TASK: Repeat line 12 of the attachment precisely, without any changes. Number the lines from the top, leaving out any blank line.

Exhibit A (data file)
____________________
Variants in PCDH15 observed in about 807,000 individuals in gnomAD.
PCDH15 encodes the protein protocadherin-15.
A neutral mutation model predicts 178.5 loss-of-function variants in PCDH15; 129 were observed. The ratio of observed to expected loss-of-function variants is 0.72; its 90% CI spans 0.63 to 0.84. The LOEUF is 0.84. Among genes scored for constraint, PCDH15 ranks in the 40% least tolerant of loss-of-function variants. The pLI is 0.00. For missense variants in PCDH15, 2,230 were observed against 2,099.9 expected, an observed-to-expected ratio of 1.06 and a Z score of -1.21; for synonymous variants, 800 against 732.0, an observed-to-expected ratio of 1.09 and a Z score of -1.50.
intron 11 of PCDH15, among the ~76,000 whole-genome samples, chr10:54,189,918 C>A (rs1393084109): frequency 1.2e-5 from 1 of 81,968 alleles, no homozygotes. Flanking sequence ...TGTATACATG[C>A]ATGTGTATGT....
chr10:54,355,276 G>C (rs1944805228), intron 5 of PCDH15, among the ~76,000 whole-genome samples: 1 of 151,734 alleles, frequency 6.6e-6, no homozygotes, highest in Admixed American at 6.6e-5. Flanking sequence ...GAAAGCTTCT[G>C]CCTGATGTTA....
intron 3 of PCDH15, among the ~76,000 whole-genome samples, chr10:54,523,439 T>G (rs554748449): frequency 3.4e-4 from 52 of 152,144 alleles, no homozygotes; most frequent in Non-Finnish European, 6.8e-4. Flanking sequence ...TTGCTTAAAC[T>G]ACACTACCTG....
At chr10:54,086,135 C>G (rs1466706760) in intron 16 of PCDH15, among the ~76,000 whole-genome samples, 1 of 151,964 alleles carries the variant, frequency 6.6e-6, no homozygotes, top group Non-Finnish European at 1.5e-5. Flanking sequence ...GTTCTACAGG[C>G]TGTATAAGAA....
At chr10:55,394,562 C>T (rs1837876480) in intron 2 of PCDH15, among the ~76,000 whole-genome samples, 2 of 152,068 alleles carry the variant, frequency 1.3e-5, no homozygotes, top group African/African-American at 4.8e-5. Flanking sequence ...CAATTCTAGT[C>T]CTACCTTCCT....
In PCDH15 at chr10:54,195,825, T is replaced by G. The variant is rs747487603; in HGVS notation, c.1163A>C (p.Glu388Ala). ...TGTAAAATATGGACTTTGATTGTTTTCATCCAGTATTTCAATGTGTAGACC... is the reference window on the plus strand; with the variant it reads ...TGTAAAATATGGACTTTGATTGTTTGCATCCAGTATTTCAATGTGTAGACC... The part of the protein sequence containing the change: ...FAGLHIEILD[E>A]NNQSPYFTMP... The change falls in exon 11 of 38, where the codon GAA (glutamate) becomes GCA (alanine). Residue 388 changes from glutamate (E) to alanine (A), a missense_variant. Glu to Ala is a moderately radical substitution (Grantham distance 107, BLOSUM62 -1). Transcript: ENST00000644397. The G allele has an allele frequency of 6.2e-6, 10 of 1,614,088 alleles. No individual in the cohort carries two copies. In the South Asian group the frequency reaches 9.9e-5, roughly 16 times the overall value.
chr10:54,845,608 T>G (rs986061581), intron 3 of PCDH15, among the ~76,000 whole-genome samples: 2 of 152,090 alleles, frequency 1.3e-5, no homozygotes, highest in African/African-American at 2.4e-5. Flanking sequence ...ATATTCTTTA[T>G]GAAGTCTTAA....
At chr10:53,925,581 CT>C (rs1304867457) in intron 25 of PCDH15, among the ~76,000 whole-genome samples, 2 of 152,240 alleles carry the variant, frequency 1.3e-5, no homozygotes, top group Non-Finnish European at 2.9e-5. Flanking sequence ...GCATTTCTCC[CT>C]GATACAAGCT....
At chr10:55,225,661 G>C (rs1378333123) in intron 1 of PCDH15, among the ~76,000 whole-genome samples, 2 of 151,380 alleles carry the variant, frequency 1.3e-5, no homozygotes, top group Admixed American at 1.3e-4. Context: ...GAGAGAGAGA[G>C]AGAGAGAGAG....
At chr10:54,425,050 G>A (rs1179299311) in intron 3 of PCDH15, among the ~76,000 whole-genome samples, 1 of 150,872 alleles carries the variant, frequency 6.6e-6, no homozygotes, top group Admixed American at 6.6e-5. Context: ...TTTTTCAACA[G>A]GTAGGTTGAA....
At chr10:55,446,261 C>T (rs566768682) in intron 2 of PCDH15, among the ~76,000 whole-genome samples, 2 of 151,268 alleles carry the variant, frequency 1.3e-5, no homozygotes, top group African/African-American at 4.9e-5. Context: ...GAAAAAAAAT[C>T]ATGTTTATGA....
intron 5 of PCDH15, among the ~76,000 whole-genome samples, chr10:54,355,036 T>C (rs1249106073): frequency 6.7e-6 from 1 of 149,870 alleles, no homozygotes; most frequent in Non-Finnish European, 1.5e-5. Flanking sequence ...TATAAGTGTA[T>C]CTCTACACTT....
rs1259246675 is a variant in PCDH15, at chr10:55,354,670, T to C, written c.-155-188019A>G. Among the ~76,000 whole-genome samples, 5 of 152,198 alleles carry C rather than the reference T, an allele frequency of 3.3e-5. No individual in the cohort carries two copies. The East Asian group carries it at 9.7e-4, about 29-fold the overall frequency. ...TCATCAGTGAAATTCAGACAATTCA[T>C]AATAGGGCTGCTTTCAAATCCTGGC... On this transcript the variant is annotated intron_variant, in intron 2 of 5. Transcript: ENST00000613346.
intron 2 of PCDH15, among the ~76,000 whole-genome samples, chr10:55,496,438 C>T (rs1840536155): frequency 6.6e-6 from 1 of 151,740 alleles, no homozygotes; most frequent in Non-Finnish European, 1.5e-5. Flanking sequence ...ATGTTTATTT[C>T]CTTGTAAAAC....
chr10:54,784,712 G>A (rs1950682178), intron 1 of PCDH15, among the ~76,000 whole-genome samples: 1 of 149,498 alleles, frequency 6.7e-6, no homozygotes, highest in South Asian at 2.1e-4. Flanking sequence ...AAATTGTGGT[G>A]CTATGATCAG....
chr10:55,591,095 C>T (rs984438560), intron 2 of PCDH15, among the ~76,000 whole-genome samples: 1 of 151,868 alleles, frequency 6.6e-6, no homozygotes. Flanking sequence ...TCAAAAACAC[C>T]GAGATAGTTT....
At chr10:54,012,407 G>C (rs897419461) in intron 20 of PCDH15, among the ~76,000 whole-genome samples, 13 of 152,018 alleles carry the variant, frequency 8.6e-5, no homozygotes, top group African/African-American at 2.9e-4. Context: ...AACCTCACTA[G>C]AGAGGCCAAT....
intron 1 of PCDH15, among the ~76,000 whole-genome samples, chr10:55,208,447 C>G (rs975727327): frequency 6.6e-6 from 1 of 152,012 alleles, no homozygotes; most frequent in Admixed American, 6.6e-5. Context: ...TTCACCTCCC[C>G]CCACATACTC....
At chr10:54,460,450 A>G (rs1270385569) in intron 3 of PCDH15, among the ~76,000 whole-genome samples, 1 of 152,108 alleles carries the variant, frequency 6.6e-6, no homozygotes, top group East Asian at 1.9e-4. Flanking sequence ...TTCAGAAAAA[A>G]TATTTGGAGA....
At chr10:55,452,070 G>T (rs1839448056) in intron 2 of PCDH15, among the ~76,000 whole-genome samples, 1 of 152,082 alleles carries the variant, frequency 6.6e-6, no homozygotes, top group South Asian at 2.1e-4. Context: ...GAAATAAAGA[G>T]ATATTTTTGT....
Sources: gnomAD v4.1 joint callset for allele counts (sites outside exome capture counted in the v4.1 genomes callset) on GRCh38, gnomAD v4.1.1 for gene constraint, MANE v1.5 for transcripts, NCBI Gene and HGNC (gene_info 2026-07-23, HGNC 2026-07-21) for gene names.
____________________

At chr10:55,225,661 G>C (rs1378333123) in intron 1 of PCDH15, among the ~76,000 whole-genome samples, 2 of 151,380 alleles carry the variant, frequency 1.3e-5, no homozygotes, top group Admixed American at 1.3e-4. Context: ...GAGAGAGAGA[G>C]AGAGAGAGAG....